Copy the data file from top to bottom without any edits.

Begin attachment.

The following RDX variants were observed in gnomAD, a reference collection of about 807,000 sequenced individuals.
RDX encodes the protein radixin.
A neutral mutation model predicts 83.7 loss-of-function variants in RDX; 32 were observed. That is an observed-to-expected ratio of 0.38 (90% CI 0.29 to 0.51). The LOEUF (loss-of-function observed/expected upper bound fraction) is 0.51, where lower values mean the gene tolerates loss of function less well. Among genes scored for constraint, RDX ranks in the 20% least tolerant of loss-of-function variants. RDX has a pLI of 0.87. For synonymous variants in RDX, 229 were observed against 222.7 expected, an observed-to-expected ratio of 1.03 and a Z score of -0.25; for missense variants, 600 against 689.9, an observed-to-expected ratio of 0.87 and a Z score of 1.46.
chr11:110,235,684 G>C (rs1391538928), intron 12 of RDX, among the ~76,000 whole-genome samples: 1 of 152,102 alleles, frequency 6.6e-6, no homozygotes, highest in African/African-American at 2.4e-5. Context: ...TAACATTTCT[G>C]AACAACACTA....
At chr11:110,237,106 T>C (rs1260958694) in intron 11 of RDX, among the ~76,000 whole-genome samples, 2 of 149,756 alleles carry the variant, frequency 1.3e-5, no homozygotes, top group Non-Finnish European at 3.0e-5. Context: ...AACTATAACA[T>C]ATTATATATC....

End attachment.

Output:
The following RDX variants were observed in gnomAD, a reference collection of about 807,000 sequenced individuals.
RDX encodes the protein radixin.
A neutral mutation model predicts 83.7 loss-of-function variants in RDX; 32 were observed. That is an observed-to-expected ratio of 0.38 (90% CI 0.29 to 0.51). The LOEUF (loss-of-function observed/expected upper bound fraction) is 0.51, where lower values mean the gene tolerates loss of function less well. Among genes scored for constraint, RDX ranks in the 20% least tolerant of loss-of-function variants. RDX has a pLI of 0.87. For synonymous variants in RDX, 229 were observed against 222.7 expected, an observed-to-expected ratio of 1.03 and a Z score of -0.25; for missense variants, 600 against 689.9, an observed-to-expected ratio of 0.87 and a Z score of 1.46.
chr11:110,235,684 G>C (rs1391538928), intron 12 of RDX, among the ~76,000 whole-genome samples: 1 of 152,102 alleles, frequency 6.6e-6, no homozygotes, highest in African/African-American at 2.4e-5. Context: ...TAACATTTCT[G>C]AACAACACTA....
At chr11:110,237,106 T>C (rs1260958694) in intron 11 of RDX, among the ~76,000 whole-genome samples, 2 of 149,756 alleles carry the variant, frequency 1.3e-5, no homozygotes, top group Non-Finnish European at 3.0e-5. Context: ...AACTATAACA[T>C]ATTATATATC....